5. Hello! Congrats on leaning out on faith! I just got back from living and working in Rwanda for 1 1/2 years. Being away from home, you stretch emotionally and it’s a wonderful, scary and at times lonely experience. First few months (month 3-5) are tough, but once you push thru you open to a seasoned you. The hardest part was being in a different time zone as my BFF. We talk usually like 4-5 times a day, so not talking as often to her or talking to my family was difficult. Skype is your best friend( in most African countries, internet is pretty good) and I just spent my money on phone credits so I could feel connected. Upside, my hair loved the sun, dirt(Rwanda is very dusty) and the fertile ground. My skin was always clear and as a Nigerian immigrant to North America, eating paw paw, pineapple and fresh un-pesticides veggies everyday was what I was genetically programmed to do! It’s not easy, but give it a few months even if you decide to not stay, the act of considering to try something new is bravery at its best! What a wonderful example you are to your child and women everywhere.

  6. I have never lived abroad but I am first-generation American and have been overseas quite a bit. I think it’s great that you seized the opportunity for something different. Even if you don’t stay, it will provide a great set of memories and learning experiences!

  7. Shanti – I have lived abroad as a child and travelled abroad to several countries as an adult, and I say go for it! Even if you just moved to another state in the U.S , you’d still miss your family and friends and the life you are used to in Philadelphia. Missing home is natural. That being said, if you decide to stay, you’ll soon begin to discover joys that will make you glad you decided to take a chance. You’re young – take this time now to travel the whole WORLD if you want to! See what else is out there! Let your daughter see what else is out there. Trust me, neither you nor she will ever be the same. You’ll always want to know what other people are out there, what other foods and traditions are out there, what it looks like in this place or that one…it will open your world and your daughter’s world. And the best thing? You can always go home. Even if you do decide Guatemala is not for you, you took a chance. You added to both your and your daughter’s life experiences. I applaud you and wish you the best.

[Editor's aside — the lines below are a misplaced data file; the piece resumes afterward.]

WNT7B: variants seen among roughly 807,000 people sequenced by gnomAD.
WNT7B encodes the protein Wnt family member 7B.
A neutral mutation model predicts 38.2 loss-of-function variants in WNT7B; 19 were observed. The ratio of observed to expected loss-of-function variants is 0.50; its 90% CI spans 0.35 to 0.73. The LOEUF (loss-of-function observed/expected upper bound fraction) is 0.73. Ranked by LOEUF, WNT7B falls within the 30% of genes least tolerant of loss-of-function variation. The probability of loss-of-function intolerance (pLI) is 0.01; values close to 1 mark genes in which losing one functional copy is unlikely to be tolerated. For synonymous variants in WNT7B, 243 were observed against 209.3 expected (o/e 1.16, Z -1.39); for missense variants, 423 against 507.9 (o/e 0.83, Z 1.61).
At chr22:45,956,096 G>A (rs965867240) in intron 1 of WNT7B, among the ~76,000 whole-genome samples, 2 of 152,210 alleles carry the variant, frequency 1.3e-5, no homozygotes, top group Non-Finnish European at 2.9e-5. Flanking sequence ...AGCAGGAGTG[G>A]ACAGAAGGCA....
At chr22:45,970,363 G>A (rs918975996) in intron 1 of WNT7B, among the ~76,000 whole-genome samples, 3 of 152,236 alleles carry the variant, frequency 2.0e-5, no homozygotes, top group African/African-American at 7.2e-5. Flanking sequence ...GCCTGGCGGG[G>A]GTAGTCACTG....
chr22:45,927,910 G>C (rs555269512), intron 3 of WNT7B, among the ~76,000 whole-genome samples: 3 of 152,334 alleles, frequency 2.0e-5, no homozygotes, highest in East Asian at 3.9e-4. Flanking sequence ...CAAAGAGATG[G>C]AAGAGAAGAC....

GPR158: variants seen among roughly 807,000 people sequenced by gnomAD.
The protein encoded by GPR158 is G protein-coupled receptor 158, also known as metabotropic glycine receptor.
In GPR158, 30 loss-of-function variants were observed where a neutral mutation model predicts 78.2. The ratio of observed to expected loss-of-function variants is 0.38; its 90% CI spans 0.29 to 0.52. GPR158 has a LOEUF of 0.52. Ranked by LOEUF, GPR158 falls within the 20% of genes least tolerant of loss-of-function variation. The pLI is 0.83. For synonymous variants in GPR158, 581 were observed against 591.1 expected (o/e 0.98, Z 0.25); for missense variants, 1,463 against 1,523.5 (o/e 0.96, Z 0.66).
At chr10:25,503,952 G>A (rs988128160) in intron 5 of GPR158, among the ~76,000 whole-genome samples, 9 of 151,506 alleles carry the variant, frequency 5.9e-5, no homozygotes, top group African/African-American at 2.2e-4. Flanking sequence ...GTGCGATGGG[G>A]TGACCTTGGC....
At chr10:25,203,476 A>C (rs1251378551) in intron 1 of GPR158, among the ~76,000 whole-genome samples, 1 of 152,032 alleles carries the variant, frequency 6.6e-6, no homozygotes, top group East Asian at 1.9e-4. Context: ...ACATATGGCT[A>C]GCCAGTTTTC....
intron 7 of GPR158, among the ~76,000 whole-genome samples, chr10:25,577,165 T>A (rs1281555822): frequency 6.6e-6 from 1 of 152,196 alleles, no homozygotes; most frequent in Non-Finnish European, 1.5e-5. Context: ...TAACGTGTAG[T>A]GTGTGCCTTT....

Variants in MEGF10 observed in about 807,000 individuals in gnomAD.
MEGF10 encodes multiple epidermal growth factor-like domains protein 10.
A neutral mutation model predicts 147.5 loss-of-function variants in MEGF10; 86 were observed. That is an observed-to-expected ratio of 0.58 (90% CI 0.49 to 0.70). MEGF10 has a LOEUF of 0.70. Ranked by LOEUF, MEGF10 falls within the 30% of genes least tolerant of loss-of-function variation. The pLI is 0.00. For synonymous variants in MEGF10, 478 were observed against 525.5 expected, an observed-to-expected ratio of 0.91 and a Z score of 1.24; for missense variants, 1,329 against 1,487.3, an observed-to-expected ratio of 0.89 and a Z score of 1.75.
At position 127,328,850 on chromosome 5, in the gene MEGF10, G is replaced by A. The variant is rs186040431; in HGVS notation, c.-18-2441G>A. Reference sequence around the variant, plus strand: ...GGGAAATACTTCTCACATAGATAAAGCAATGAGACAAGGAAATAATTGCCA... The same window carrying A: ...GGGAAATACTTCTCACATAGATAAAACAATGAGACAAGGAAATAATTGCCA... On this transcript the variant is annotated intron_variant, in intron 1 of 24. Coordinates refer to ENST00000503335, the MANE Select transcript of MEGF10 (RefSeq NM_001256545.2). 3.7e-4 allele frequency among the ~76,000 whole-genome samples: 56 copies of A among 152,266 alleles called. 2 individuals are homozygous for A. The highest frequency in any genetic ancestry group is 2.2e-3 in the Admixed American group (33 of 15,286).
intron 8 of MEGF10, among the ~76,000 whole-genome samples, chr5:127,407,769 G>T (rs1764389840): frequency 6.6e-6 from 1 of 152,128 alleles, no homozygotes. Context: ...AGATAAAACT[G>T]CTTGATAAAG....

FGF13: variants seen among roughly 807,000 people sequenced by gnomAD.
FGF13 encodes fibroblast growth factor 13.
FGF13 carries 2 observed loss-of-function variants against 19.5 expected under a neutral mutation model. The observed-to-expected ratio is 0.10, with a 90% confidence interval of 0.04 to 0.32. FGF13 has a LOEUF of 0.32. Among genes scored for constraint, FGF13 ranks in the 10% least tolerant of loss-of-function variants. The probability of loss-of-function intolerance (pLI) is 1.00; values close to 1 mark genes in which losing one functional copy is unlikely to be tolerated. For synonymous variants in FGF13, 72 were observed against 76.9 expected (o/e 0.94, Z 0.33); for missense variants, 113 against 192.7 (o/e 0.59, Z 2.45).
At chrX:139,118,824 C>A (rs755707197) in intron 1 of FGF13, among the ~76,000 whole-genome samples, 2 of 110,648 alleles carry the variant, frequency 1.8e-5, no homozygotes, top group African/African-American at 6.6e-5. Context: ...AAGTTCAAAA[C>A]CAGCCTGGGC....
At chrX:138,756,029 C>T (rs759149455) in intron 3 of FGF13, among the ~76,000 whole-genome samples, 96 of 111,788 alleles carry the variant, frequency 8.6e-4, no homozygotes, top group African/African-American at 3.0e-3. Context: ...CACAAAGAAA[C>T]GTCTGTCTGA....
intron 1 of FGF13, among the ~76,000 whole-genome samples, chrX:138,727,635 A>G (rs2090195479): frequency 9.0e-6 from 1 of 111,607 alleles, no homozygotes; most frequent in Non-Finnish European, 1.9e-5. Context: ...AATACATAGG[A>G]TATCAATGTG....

Oh, and your hair looks fabulous! :)

  8. Beutiful pictures! I haven’t live abroad yet, but I plan to do some missionary work when my son gets older. Consider how God is using you to be a blessing to those children you are going to teach and the great opportunity that you and your daughter are getting to experience away from the hustle-n-bustle of USA, even if for just a short time should you decide. Rest, relaxed, release and enjoy the beauty of that country.

  9. No mean muggin in these pics! I really commend you for doing such a brave thing. It’s no joke leaving family, friends and country behind to pursue yourself and your dreams. No advice here since I’m also looking for an opportunity to live abroad but I think you always win when you do things to honor yourself. And it’s awesome to have a bff there to support you as you grow! Blessings on your journey!

  10. This is amazing! I’m planning to move out to Abu Dhabi in a couple of years to teach. One of my closest friends just came back from teaching English in South Korea for two years, she loved it. Sounds like an awesome experience, have fun!